Division 4: The Role of Soils in Sustaining Society and the Environment
C4.1 - Soils and the Environment
C4.1.1 - Soil ecosystem services
Soil provides many ecosystem services, as its multi-functionality is the basis for food production, water filtration, nutrient cycling, and other essential goods for life. Soil processes and functions are fundamental to assess ecosystem services and the effects of land use and management on them. Soil ecosystem services appears as an interdisciplinary approach to integrate science and policies. After the Millennium Project, much interdisciplinary research has been developed worldwide aiming to understand human impacts on both ecosystem flows and processes and to assess the costs and the benefits of ecosystem services. To present and discuss the state of the art and importance of ecosystem services; study cases of soil ecosystem service approach and the gaps and opportunities to support decision makers and policies.
C4.1.2 - Climate change and adaptation of soil functions
Climate change is now common issue and there is plenty of data showing its impact on the functioning of the planet. We need to understand influence of climate on soil ecosystem services and functions in future environment. Climate change is an urgent issue for preparing countermeasures and adaptations for changing environment. Because soil is a sink and a source of greenhouse gases, several options, enhancing sequestration of CO2 and reduction of GHG, would be possible by manipulating soil processes. In this session, we share progress of latest studies and information of challenges for technological innovation.
C4.1.3 - Soil in the Anthropocene
The Anthropocene is a culturally constructed concept for the most recent geologic era in which humanly produced traces of industrialized societies, such as pharmaceuticals in the pedosphere, POPs in the hydrosphere, and carbon dioxide in the atmosphere, are irreversibly left in the geologic record of the Earth for a predictably long duration with unknown consequences. The need for understanding the complex implications of the Anthropocene for all life on earth is clear: in addition to empirical observations of the natural sciences, cultural research, reflection, and engagement with societies is necessary for making any attempts to mitigate or adapt to an uncertain future. With a focus on soils, this symposium brings together soil scientists, social scientists, philosophers, environmental economists, artists, activists, and urban planners to address transdisciplinary knowledge demands of the Anthropocene regarding challenges of land-grabbing and water rights, post-crisis agriculture, and planetary change in the critical zone.
C4.1.4 - Soil as natural capital: Economic and legal dimensions of ecosystem services.
The natural-capital concept integrates economic thinking with ecological principles by considering nature’s stocks of materials and energy as capital. Ecosystem services are beyond food & fuel. We need to develop valuations and policies and enable laws to protect them, and to drive changes that ensure investment into ecological infrastructures are maintained and enhanced. Present and discuss the theory and practice of ecosystem services thinking in policy development and legal arguments to ensure that soils are protected so that they can provide the ecosystem services sought from farmers, stakeholders and communities.
C4.1.5 - Carbon sequestration potential of soils
Given the huge size of the soil organic carbon pool compared to that in the atmosphere, increasing net soil C storage by even a few per cent would represent a substantial attenuation of climate change. Rendering soils « climate smart » requires however an understanding and assessment of the organic carbon storage and sequestration (i.e. net storage of C in long lived pools) potential of different soils. This session will focus on how to estimate the organic carbon sequestration potential of soils, using soil databases and maps, biogeochemical modelling or carbon saturation concepts, at various spatial scales.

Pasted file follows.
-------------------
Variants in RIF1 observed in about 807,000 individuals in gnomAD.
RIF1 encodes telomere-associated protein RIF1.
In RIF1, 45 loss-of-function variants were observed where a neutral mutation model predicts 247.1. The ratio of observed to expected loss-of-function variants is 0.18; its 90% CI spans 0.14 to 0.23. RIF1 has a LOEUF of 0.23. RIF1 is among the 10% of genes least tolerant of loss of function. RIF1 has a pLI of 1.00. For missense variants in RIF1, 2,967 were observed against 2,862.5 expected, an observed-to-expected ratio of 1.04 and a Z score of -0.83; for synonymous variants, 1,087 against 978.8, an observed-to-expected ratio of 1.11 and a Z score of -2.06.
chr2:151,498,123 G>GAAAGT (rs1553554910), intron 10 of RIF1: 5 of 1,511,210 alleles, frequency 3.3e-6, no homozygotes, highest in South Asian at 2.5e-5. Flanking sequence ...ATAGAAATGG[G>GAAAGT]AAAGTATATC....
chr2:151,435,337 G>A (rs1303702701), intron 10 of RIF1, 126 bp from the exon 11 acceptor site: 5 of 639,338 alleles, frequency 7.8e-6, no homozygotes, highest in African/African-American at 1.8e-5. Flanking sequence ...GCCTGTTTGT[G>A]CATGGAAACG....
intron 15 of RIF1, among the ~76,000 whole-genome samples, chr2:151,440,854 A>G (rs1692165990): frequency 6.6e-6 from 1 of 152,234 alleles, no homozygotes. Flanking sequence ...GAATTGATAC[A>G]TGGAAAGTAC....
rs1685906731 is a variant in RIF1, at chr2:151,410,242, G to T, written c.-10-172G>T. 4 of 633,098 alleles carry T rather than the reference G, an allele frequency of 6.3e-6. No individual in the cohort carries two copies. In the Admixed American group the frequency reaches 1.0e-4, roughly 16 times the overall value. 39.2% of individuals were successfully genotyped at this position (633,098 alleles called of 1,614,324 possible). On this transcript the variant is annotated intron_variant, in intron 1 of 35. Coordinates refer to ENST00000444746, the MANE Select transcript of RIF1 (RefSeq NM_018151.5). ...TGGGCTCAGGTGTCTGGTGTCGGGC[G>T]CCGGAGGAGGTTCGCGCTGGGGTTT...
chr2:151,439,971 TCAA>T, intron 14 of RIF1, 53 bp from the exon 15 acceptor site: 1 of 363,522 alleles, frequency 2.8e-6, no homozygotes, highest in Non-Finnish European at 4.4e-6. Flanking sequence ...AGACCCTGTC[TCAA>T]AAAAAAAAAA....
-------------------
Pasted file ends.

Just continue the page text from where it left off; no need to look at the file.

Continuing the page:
C4.2 - Soils, food security, and human health
C4.2.1 - Soil and Human Health
Soil properties and management have been shown to be critical to human health. However, the scientific study of these relationships is still in its very early stages. It is important that we bring increasing attention to the need to investigate links between soils and health and that we expand that discussion beyond just soil scientists by including scientists and professionals with backgrounds in natural, social and health sciences. This session will seek to bring together scientists with interests in the links between soils and human health from diverse backgrounds to discuss the current status of our knowledge and future research needs.
C4.2.2 - Soil quality and food security in the tropics
The ability of a nation in producing food in quantity and in high quality is related with the soil quality. Most of the soils of the tropical regions present high acidity and low fertility, which affect the crop's sustainability. Therefore, the success of crop on infertile soils is highly dependent on lime and fertilizer inputs. The management gathering minimum/zero cultivation, proper acidity correction and four rights (4R) for fertilizer application is essential to improve the soil fertility, and thus to reach the status of soil quality and yield in quantity and quality. We propose this session to join people interested in present, learn and apply the state of art knowledge on improving soil quality to achieve long term food security on infertile tropical soils.
C4.2.3 - Soil quality to secure human and environmental health
Soil quality is an account of the soil's ability to provide ecosystem and social services through its capacities to perform its functions of maintaining biodiversity and productivity, partitioning water and solute flow, filtering and buffering, nutrient cycling, and providing support for plants and other structures, under changing conditions. Soil quality reflects how well a soil performs its functions and is directly affected by its use and management. A healthy soil is essential to warrant health for humans and for the environment. It can be assessed, measured and valued. This session is proposed to present and discuss new concepts and developments on the subject.